Oil communities in Imo beg for recognition


By Chinonso Alozie, Owerri

A CROSS section of leaders of oil communities in Ohaji/Egbema Local Government Area of Imo state, have pleaded with the government to mull over viable measures to end their sufferings.

Some of the leaders spoke in an interview with the Southeast Voice exclusively, at the Ochia community in Awarra Court Area of Ohaji/Egbema. Elderly men, women, youths took their turn to express what could be best described as “hidden anger.”

They also attributed the “sorry” state of the affairs in their communities to “mischievousness of the government.”

They poured out their feelings and several questions were directed at the government for answers, which include “since creation why is it that we have not seen electricity? Why is it that the organizers of the visit of the Acting President, Prof. Yemi Osinbajo, did not bring him to Awarra Court Area, where these militants have their camp.

“At least for him to the level of suffering and the damages done so far, as a result of militant activities.”

People of Awarra Court Area in Ohaji/Egbema Local Government Area of Imo state, discussing the way forward to ending their sufferings.

According to the President of the Awarra Court Area Youth Council, Comrade Macellenius Enyia, said: “Since creation Awarra Court Area, have not seen electricity.

In 2015 before the election, money was released for electrifying Ohaji/Egbema but Awarra Court Area, was not captured, especially the Ochia and Awarra.

“The Awarra Court Area, has over 11 viable crude oil wells and the largest gas deposit in Africa. We are also the food basket of Imo state. We do not understand why the government should continue to abandon us.”

Mr Nicholas Igbo, said that the level of “oppression” of the people in the oil communities by those in power was the reason  they find it difficult to speak out. “The way people in government intimidate us here, our people find it difficult to talk even when they are denied their rights. Pointing out that, because of the degree of “timidity” government functionaries share whatever accrues to their family and friends.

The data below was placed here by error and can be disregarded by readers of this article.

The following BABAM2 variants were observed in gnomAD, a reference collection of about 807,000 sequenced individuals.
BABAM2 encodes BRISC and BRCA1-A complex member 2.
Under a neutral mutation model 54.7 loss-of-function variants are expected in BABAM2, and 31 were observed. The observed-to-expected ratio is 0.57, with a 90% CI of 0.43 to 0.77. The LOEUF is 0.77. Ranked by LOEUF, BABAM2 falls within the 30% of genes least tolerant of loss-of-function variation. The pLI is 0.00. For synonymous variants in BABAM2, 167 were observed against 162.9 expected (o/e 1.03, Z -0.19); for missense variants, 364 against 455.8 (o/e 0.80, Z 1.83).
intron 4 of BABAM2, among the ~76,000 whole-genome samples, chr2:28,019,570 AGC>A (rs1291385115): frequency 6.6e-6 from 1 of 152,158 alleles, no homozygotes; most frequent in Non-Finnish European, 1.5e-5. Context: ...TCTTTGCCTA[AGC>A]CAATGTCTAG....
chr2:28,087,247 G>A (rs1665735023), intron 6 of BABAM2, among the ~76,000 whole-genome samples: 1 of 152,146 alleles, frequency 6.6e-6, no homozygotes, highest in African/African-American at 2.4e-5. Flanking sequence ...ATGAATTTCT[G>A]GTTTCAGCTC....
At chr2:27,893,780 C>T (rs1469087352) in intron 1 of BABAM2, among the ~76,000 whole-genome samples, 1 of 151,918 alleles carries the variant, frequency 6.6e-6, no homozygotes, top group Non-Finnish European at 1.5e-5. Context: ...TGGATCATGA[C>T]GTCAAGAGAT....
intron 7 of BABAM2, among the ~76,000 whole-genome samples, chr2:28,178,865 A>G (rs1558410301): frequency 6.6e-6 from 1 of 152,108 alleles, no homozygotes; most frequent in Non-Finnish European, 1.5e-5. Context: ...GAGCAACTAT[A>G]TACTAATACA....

“Please, I am begging let the rich stop intimidating the poor and taking what belongs to them,” Nicholas cried out.

According to Kennis Oparaji, “If you see the level of poverty in these communities, you will not believe that we have oil. The reason for militant activities, is simply because of the level of “inequality” caused by government officials while sharing our resources.

He was not happy that “The government will come and promise a lot of things and at the end of the day you will see nothing. The youths are not happy that they are not recognised and they are abandoned.”

During a prayer session of the meeting

In his view, Mr Chibundu Victor Nnamdi, said: “ We have seen the worst of things in these communities. I remember, when they said that houses burnt down, people abandoned their homes, my brother, they are talking of Awarra Court Area. “You need to go round and see things yourself and you will agree with me that there is no live. We are suffering and nobody is talking,” he said.

Also, a non-governmental organization, Conflict Prevent Committee Partners for Peace in the Niger Delta ,P4P, Imo State Network led by Chilos Godsent, was present in the community to train the people of Awarra court Area on sustainable peace.

They argued that infrastructure should be given priority as a way of finding a lasting peace in the area.

He said: “ An infrastructure is needed to provide the social spaces, logistical mechanisms, and institutions necessary for supporting the process of change and longterm vision of peace. A peacebuilding infrastructure is like the foundation and pillars that hold up a house.”

“Here, the foundations are people, their relationships, and the social spaces they need to support the process of transforming division and violence to increased respect and interdependence, and increased involvement in and responsibility for building peace.

“The infrastructure provides the basic support that enables people and peacebuilding processes to weather the immediate crises while patiently pursuing the slow, long-term desired change within a context of relationships.”

Culled from here


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